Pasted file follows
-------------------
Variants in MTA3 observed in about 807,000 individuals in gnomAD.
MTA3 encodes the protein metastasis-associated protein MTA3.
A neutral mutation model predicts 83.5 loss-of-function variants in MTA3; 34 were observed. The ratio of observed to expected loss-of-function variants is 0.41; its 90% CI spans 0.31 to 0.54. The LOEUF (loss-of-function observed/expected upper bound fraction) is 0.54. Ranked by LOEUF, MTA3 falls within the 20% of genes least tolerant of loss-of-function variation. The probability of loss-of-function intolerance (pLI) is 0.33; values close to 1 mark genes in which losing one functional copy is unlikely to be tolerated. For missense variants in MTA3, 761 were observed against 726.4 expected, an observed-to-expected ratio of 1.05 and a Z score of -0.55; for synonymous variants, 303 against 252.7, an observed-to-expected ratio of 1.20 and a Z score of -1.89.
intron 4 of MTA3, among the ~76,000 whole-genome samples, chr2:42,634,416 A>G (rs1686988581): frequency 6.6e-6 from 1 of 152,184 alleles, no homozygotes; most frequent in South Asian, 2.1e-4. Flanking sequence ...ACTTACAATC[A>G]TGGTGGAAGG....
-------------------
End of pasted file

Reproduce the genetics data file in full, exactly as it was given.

Variants in MTA3 observed in about 807,000 individuals in gnomAD.
MTA3 encodes the protein metastasis-associated protein MTA3.
A neutral mutation model predicts 83.5 loss-of-function variants in MTA3; 34 were observed. The ratio of observed to expected loss-of-function variants is 0.41; its 90% CI spans 0.31 to 0.54. The LOEUF (loss-of-function observed/expected upper bound fraction) is 0.54. Ranked by LOEUF, MTA3 falls within the 20% of genes least tolerant of loss-of-function variation. The probability of loss-of-function intolerance (pLI) is 0.33; values close to 1 mark genes in which losing one functional copy is unlikely to be tolerated. For missense variants in MTA3, 761 were observed against 726.4 expected, an observed-to-expected ratio of 1.05 and a Z score of -0.55; for synonymous variants, 303 against 252.7, an observed-to-expected ratio of 1.20 and a Z score of -1.89.
intron 4 of MTA3, among the ~76,000 whole-genome samples, chr2:42,634,416 A>G (rs1686988581): frequency 6.6e-6 from 1 of 152,184 alleles, no homozygotes; most frequent in South Asian, 2.1e-4. Flanking sequence ...ACTTACAATC[A>G]TGGTGGAAGG....